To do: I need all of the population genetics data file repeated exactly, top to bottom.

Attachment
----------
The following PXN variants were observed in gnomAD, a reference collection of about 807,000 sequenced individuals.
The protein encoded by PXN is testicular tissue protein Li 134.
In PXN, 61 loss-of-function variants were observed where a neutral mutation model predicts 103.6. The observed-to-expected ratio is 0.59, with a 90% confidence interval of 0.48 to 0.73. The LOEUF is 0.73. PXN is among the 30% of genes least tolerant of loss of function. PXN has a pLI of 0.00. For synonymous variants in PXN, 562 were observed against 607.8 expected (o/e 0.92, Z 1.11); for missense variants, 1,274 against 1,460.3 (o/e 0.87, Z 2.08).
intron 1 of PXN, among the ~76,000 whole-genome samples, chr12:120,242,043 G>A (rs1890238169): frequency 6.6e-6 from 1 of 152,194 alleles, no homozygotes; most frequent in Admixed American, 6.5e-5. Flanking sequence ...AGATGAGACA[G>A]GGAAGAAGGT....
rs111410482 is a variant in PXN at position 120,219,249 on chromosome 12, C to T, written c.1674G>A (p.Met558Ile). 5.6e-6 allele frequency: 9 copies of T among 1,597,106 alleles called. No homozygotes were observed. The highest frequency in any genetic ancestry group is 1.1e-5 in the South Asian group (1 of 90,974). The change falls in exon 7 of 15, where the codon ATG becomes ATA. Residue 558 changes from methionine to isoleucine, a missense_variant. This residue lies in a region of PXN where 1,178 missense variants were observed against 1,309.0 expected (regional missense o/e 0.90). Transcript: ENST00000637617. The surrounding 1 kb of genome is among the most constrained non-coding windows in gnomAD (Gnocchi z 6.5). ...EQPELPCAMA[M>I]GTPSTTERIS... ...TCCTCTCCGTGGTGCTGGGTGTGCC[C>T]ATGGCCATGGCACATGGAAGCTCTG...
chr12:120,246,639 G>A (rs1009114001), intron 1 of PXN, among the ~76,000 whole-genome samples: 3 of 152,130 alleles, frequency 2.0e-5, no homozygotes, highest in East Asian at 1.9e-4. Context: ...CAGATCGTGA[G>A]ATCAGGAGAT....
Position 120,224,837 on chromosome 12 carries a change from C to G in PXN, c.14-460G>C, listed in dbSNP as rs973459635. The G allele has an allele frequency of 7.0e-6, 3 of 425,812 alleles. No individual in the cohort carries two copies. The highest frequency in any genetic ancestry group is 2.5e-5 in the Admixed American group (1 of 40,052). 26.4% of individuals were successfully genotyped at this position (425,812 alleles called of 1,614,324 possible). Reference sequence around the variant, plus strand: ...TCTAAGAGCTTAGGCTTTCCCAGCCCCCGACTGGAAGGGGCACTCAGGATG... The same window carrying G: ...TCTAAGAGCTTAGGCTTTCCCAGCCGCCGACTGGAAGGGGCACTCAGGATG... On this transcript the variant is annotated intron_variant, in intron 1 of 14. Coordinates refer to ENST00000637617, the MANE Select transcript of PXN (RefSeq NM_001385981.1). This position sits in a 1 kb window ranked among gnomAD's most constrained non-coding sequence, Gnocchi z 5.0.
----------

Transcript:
The following PXN variants were observed in gnomAD, a reference collection of about 807,000 sequenced individuals.
The protein encoded by PXN is testicular tissue protein Li 134.
In PXN, 61 loss-of-function variants were observed where a neutral mutation model predicts 103.6. The observed-to-expected ratio is 0.59, with a 90% confidence interval of 0.48 to 0.73. The LOEUF is 0.73. PXN is among the 30% of genes least tolerant of loss of function. PXN has a pLI of 0.00. For synonymous variants in PXN, 562 were observed against 607.8 expected (o/e 0.92, Z 1.11); for missense variants, 1,274 against 1,460.3 (o/e 0.87, Z 2.08).
intron 1 of PXN, among the ~76,000 whole-genome samples, chr12:120,242,043 G>A (rs1890238169): frequency 6.6e-6 from 1 of 152,194 alleles, no homozygotes; most frequent in Admixed American, 6.5e-5. Flanking sequence ...AGATGAGACA[G>A]GGAAGAAGGT....
rs111410482 is a variant in PXN at position 120,219,249 on chromosome 12, C to T, written c.1674G>A (p.Met558Ile). 5.6e-6 allele frequency: 9 copies of T among 1,597,106 alleles called. No homozygotes were observed. The highest frequency in any genetic ancestry group is 1.1e-5 in the South Asian group (1 of 90,974). The change falls in exon 7 of 15, where the codon ATG becomes ATA. Residue 558 changes from methionine to isoleucine, a missense_variant. This residue lies in a region of PXN where 1,178 missense variants were observed against 1,309.0 expected (regional missense o/e 0.90). Transcript: ENST00000637617. The surrounding 1 kb of genome is among the most constrained non-coding windows in gnomAD (Gnocchi z 6.5). ...EQPELPCAMA[M>I]GTPSTTERIS... ...TCCTCTCCGTGGTGCTGGGTGTGCC[C>T]ATGGCCATGGCACATGGAAGCTCTG...
chr12:120,246,639 G>A (rs1009114001), intron 1 of PXN, among the ~76,000 whole-genome samples: 3 of 152,130 alleles, frequency 2.0e-5, no homozygotes, highest in East Asian at 1.9e-4. Context: ...CAGATCGTGA[G>A]ATCAGGAGAT....
Position 120,224,837 on chromosome 12 carries a change from C to G in PXN, c.14-460G>C, listed in dbSNP as rs973459635. The G allele has an allele frequency of 7.0e-6, 3 of 425,812 alleles. No individual in the cohort carries two copies. The highest frequency in any genetic ancestry group is 2.5e-5 in the Admixed American group (1 of 40,052). 26.4% of individuals were successfully genotyped at this position (425,812 alleles called of 1,614,324 possible). Reference sequence around the variant, plus strand: ...TCTAAGAGCTTAGGCTTTCCCAGCCCCCGACTGGAAGGGGCACTCAGGATG... The same window carrying G: ...TCTAAGAGCTTAGGCTTTCCCAGCCGCCGACTGGAAGGGGCACTCAGGATG... On this transcript the variant is annotated intron_variant, in intron 1 of 14. Coordinates refer to ENST00000637617, the MANE Select transcript of PXN (RefSeq NM_001385981.1). This position sits in a 1 kb window ranked among gnomAD's most constrained non-coding sequence, Gnocchi z 5.0.